A new video that seems to show a Bigfoot-like beast rearing up in a Utah brush patch is racking up millions of views on the web, but are there any compelling facts in the compelling footage?
Beard Card, the YouTube handle of the man who purportedly filmed the video while camping with his family, says he first hit "record" on his camera to document what he thought was a black bear hiding in the bushes. Indeed, the video's tranquil first half has an off-screen voice whispering, "Do you think it's a bear?"
But then the rustling black form in the bushes suddenly grows a few feet as it seems to stand to its full height, and the cameraman abandons his shot to make a desperate run to safety.
'We had thought it was a bear up to that point, but when it stood up and looked at us, it was just a massive animal.'
- Utah resident
"We had actually been standing there for awhile. We had thought it was a bear up to that point, but when it stood up and looked at us, it was just a massive animal," Beard Card, who didn't want his real name made public, told Salt Lake City's Fox News 13.
The man says he and his fellow witnesses "are positive that thing wasn't a bear," due to its apparent size. But the creature's height is not obvious from the video and whatever it is, it seems to meet all the classic qualifications of what the Bigfoot community calls a "blobsquatch," an ambiguous, shadowy image that puts Bigfoot in the eye of the beholder. [Tracking Belief in Bigfoot (Infographic)]
Beard Card estimated to Fox News 13 that the animal he saw was 2 or 3 feet taller than his 6-foot-tall brother. Black bears, the most common species of bear in North America and the only species that lives in Utah, measure between 5 and 7 feet tall when standing on their hind legs.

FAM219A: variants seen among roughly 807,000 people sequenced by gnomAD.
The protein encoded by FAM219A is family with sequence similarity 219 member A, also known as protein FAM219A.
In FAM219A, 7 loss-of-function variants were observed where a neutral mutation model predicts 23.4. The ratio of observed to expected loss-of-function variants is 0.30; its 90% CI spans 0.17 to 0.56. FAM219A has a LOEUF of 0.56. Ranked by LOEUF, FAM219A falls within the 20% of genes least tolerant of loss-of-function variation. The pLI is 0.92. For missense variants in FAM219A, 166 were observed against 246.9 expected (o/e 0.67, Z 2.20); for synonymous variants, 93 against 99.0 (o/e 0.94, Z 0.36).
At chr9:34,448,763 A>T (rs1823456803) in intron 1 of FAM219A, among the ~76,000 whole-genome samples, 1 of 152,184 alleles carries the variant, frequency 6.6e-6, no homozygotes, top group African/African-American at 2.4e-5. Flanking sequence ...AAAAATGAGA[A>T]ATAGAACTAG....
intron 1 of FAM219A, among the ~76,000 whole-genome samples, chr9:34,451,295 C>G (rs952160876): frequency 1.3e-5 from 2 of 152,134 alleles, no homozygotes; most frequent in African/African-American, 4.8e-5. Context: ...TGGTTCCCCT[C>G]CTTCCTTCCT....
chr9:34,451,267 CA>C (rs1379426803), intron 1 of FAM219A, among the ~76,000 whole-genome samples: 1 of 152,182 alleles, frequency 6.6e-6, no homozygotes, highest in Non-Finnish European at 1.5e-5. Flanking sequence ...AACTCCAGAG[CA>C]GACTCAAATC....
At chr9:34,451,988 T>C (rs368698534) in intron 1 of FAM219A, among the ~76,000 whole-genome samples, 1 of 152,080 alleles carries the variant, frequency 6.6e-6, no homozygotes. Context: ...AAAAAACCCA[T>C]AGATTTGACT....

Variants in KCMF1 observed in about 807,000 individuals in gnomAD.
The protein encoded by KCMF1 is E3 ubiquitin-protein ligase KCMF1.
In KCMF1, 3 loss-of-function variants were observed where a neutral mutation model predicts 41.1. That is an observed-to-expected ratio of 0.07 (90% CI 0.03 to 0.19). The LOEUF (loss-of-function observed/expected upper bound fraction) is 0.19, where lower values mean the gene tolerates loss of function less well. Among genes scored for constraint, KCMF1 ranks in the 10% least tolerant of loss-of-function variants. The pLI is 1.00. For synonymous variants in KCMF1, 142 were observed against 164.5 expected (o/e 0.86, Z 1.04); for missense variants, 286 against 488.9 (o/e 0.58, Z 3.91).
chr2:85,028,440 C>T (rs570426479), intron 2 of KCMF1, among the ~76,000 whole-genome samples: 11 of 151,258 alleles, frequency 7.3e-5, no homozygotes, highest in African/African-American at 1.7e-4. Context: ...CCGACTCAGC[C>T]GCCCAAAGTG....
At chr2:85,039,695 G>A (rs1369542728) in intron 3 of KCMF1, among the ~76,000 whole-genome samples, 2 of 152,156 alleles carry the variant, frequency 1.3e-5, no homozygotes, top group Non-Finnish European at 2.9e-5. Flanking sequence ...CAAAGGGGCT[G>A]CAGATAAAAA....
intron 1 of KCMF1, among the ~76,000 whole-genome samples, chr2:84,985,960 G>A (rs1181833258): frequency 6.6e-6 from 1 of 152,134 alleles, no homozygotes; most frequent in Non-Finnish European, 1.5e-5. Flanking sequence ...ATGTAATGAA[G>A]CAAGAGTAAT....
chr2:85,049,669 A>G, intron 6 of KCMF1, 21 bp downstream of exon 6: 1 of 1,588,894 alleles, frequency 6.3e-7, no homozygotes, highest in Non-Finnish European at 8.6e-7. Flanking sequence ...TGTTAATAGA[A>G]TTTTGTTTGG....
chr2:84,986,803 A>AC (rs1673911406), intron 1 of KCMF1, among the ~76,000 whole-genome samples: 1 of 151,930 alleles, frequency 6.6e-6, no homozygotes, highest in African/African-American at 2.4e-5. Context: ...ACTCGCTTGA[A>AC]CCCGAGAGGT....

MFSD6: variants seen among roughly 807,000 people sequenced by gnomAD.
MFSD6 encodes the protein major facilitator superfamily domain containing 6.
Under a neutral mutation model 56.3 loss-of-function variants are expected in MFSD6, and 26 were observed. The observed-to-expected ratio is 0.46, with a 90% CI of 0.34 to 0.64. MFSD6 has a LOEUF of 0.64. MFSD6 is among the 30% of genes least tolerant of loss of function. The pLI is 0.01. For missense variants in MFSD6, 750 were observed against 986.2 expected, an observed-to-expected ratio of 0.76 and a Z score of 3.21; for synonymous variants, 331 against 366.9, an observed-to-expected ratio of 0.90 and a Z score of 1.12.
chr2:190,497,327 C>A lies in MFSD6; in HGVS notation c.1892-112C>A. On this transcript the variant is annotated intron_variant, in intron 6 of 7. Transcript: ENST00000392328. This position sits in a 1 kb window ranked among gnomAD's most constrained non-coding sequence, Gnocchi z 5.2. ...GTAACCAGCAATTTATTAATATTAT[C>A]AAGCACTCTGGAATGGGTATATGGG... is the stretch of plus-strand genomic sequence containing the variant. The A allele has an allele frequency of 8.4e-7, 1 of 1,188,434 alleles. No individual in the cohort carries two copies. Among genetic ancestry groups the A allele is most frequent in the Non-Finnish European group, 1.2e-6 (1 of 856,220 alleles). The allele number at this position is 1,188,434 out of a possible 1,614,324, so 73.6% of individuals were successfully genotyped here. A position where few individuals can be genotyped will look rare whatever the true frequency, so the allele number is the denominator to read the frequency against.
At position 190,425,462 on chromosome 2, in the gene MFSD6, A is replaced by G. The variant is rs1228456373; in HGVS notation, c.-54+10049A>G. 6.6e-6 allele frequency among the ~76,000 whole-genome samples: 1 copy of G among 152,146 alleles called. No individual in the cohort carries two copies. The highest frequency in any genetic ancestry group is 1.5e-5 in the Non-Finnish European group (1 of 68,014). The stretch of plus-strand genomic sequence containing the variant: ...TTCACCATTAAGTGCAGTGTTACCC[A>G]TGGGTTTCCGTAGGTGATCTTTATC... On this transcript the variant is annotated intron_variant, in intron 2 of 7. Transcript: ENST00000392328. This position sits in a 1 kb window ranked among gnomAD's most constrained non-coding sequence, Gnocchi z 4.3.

Black bears rarely stand erect, but when they do, it's because something unusual in their environment seems to deserve a thorough investigation.
"A bear stands on its hind legs to get a better view and smell of the surroundings. This is not an aggressive posture, just a way to determine who or what piqued its interest," according to the Virginia Department of Game and Inland Fisheries' website.
Assuming that the subject of the new Bigfoot video is not an ordinary black bear that stood up to investigate a mysterious, mostly hairless primate roaming a remote area of Utah with a video camera, then another possible mundane explanation is that the video is a hoax, orchestrated either for kicks or publicity.
It was posted the day before Halloween, which may or may not be a coincidence. It also arrived a couple weeks before the premiere of the third season of the reality TV show "Finding Bigfoot" and shortly after the announcement of a competing show on the Spike network that will offer $10 million, the largest cash prize in television history, for irrefutable proof of Bigfoot. This information could be completely incidental, but in the age of covert viral marketing, skeptics might take note.
What is almost certainly not a coincidence is the fact that the largest cash prize in TV history is being offered as a reward for proving the existence of a hairy ape man that has never had any solid scientific evidence, or steady footage, to stand on.
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